Chicago | Reuters — Chicago Mercantile Exchange hog futures rose to their highest level in nearly three months on Tuesday after government data showed that the reopening of pork plants after a rash of COVID-19 shutdowns had not boosted supplies.
Cattle futures were lower, pressured by signs of weakness in the cash markets, traders said.
CME October lean hogs rose 1.35 cents to close at 55.95 cents/lb. (all figures US$). The front-month contract peaked at 56.175 cents/lb., its highest since May 29.
U.S. frozen pork inventories fell in July to the lowest level for any month in nine years, the U.S. Agriculture Department said after the close on Monday, even after meatpacking plants shut by COVID-10 resumed operations.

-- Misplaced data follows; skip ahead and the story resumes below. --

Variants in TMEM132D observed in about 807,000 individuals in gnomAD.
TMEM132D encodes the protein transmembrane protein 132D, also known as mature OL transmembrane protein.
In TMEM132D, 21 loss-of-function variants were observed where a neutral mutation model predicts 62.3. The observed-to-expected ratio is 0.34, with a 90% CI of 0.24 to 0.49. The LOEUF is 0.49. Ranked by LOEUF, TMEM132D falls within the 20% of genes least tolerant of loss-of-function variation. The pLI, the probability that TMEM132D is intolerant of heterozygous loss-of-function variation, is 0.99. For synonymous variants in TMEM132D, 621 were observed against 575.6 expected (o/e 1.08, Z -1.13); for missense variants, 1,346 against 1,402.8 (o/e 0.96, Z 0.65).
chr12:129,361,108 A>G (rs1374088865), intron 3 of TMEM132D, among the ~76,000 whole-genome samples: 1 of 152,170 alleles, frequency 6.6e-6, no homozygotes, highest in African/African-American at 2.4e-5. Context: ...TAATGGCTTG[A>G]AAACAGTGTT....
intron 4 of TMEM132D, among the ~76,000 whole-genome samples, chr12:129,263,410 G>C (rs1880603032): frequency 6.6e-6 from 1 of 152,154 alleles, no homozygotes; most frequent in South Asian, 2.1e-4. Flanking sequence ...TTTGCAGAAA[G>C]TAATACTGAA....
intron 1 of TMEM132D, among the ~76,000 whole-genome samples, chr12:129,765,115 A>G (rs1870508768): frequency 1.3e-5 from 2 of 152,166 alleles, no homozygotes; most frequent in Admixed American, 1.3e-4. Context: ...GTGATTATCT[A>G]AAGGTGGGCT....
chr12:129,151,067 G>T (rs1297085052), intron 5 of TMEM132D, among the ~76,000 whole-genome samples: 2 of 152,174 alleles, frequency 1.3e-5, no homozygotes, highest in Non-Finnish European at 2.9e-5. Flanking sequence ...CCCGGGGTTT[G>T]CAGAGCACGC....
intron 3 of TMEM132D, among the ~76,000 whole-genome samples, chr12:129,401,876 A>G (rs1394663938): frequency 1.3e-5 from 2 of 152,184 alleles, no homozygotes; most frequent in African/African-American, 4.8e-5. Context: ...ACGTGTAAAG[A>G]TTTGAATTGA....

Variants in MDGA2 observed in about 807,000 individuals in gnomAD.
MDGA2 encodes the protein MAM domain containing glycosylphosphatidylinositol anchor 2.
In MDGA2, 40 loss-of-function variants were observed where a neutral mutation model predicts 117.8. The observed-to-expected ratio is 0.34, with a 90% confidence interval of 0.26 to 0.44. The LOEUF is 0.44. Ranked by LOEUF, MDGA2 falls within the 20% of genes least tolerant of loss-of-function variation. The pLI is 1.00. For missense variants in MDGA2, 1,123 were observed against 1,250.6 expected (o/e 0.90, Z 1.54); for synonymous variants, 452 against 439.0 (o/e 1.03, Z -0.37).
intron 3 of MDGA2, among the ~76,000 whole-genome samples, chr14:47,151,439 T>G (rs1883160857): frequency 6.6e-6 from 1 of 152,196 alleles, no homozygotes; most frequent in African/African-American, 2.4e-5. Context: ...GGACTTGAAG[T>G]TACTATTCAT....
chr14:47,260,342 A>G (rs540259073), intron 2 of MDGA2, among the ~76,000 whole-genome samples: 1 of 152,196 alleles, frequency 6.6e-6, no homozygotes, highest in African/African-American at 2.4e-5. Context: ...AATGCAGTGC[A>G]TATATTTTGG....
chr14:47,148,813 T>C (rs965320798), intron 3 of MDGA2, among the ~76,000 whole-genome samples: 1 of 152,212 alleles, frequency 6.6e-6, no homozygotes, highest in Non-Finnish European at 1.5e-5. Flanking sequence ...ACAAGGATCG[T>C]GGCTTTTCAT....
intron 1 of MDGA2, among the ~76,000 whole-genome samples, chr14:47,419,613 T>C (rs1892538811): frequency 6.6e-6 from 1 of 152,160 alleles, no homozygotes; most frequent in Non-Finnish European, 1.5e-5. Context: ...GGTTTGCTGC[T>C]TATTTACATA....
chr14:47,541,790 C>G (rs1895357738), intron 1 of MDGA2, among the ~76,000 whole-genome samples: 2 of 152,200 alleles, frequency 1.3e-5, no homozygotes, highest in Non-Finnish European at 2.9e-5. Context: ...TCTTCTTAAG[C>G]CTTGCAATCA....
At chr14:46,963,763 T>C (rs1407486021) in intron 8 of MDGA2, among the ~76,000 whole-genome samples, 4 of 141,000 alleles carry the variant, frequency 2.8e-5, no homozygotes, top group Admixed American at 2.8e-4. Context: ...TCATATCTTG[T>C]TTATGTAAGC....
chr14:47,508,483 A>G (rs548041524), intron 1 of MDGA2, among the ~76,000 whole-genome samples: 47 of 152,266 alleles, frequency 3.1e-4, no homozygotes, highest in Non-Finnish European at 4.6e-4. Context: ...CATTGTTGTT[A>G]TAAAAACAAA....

Daily hog slaughter reached 484,000 head on Tuesday, matching the highest level since April 2.
CME benchmark October live cattle ended 0.85 cent lower at 108.775 cents/lb. October feeder cattle were up 0.25 cent at 143.075 cents/lb.
Traders said that cash cattle in Texas traded at $105/cwt on Monday, down $1 from last week.
— Mark Weinraub is a Reuters commodities correspondent in Chicago.